Prepared by Joshua E. Lane, MD, Resident, and Jack L. Lesher Jr, MD, Professor and Chief, Section of Dermatology,
Medical College of Georgia, Augusta
An Asian man with long-standing gastrointestinal complaints had a recurrent leg ulcer that healed poorly. He had been previously diagnosed with inflammatory bowel disease and colorectal carcinoma. Physical examination showed an ulcerated plaque with ragged edges on his lower extremity, suggesting the diagnosis of pyoderma gangrenosum (Figure).
Clinical examination typically reveals rapidly enlarging papules and plaques that form necrotic ulcers with raised violaceous borders and a necrotic base. Biopsy, however, is necessary to exclude other causes. These lesions are often painful and usually appear on the lower extremities.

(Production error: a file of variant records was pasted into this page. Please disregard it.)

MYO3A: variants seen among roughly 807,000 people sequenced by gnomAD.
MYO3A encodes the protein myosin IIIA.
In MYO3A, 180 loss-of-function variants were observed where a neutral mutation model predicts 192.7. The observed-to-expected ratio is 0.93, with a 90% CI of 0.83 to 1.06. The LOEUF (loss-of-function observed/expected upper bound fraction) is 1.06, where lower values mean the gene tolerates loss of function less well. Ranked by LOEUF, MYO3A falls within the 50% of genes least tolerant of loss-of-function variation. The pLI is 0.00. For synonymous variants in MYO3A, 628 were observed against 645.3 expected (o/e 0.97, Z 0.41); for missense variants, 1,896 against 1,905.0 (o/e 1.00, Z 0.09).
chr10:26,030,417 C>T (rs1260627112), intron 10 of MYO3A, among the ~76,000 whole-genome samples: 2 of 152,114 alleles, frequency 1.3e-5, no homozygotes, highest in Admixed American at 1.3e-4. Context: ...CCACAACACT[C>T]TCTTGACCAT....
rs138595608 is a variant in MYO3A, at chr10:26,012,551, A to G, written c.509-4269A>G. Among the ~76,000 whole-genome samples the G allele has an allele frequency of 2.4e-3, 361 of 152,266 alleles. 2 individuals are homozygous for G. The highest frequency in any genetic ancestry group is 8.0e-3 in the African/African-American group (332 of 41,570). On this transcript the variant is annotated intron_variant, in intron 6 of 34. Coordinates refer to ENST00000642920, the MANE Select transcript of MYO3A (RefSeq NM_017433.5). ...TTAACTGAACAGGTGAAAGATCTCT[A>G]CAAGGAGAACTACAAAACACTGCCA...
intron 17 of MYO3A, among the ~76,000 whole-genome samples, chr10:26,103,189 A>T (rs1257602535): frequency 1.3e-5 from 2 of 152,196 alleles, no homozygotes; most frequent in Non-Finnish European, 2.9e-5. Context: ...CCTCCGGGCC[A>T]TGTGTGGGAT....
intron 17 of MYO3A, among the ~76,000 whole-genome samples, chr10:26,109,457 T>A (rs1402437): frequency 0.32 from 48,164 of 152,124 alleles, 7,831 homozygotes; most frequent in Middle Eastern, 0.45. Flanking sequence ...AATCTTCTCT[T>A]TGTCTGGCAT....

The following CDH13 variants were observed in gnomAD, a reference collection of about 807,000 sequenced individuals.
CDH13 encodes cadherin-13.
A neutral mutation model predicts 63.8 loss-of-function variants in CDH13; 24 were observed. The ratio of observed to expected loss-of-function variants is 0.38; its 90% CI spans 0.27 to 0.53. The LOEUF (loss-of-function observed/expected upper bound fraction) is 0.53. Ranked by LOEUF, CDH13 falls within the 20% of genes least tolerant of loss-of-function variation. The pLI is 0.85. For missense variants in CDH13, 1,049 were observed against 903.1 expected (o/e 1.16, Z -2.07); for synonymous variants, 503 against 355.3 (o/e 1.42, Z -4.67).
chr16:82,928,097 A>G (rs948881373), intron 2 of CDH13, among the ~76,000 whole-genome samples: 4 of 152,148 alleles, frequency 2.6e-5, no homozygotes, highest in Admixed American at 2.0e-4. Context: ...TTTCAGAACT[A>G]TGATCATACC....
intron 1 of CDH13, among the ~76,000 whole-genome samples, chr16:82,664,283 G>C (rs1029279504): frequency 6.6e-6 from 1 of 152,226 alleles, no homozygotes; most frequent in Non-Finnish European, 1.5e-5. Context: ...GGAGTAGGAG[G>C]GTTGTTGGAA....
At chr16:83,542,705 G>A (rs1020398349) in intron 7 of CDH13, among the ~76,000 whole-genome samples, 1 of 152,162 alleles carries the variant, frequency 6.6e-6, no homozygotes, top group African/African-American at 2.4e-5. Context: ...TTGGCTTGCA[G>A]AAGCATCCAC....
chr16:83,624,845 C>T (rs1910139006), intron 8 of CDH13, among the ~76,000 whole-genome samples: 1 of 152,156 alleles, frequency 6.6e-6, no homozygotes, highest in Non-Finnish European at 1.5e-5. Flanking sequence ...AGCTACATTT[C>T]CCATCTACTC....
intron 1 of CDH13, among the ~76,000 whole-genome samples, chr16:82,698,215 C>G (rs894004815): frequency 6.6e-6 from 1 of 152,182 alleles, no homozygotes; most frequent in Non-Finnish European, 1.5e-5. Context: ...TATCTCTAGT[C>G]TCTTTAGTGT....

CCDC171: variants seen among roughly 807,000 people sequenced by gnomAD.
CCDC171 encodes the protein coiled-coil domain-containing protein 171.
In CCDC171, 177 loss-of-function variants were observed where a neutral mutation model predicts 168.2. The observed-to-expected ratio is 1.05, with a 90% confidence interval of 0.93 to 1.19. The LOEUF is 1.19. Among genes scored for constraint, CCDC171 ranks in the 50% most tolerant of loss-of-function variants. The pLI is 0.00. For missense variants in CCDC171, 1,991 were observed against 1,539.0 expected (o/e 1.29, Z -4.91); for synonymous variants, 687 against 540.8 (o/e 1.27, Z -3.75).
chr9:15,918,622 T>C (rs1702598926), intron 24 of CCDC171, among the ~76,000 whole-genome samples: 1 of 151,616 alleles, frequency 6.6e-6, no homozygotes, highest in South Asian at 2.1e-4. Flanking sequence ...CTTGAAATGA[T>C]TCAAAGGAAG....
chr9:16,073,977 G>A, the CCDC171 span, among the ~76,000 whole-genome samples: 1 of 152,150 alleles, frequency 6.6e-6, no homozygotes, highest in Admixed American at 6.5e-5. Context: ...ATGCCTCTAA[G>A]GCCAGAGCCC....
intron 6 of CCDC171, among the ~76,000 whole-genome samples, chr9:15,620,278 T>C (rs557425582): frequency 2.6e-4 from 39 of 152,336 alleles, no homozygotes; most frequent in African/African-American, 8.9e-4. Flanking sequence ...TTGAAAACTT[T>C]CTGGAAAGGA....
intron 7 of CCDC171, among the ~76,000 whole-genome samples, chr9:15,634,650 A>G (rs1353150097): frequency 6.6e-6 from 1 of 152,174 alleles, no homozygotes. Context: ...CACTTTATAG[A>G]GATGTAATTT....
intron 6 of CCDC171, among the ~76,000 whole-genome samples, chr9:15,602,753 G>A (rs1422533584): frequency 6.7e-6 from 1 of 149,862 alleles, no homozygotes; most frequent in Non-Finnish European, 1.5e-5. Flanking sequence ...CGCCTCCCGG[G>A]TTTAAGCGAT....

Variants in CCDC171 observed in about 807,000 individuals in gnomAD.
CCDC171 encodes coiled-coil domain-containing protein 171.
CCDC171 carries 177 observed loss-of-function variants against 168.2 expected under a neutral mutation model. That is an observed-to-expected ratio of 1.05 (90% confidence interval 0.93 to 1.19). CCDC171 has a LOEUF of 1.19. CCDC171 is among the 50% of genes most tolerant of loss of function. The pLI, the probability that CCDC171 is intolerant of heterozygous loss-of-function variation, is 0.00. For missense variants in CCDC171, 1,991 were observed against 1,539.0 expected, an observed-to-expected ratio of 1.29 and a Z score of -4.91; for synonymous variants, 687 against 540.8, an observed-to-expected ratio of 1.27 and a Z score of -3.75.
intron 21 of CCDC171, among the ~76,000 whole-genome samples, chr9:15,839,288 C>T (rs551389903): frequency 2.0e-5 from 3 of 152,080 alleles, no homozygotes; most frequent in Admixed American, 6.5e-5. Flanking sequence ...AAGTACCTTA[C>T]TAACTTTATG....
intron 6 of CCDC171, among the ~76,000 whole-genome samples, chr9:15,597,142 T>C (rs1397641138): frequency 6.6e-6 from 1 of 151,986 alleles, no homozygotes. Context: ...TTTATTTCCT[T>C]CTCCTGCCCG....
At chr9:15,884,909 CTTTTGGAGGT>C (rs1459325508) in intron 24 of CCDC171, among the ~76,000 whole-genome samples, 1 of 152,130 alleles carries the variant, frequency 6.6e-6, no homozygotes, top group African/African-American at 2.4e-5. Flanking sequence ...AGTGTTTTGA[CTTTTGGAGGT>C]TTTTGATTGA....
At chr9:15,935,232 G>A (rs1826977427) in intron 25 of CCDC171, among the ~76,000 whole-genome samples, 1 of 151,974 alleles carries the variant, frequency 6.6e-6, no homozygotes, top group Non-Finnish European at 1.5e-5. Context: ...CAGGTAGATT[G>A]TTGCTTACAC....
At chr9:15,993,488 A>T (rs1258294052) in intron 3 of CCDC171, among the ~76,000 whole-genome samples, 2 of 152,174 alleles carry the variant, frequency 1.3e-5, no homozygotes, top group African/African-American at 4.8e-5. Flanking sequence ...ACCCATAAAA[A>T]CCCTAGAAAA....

Systemic corticosteroids are the most common treatment. Other therapeutic options include cyclosporine (Neoral), mycophenolate mofetil (Cell-Cept), other immunosuppressive agents, as well as total colectomy in some cases. Avoidance of surgery is key, because medical management offers the best results.
Points to remember: Pyoderma gangrenosum is an uncommon, chronic, ulcerative disease of the skin associated with inflammatory bowel disease (ie, ulcerative colitis or Crohn's disease). Other systemic associations include arthritis and lymphoproliferative disorders. The 4 major types are ulcerative, bullous, pustular, and superficial granulomatous.
Diagnosis: Pyoderma gangrenosum.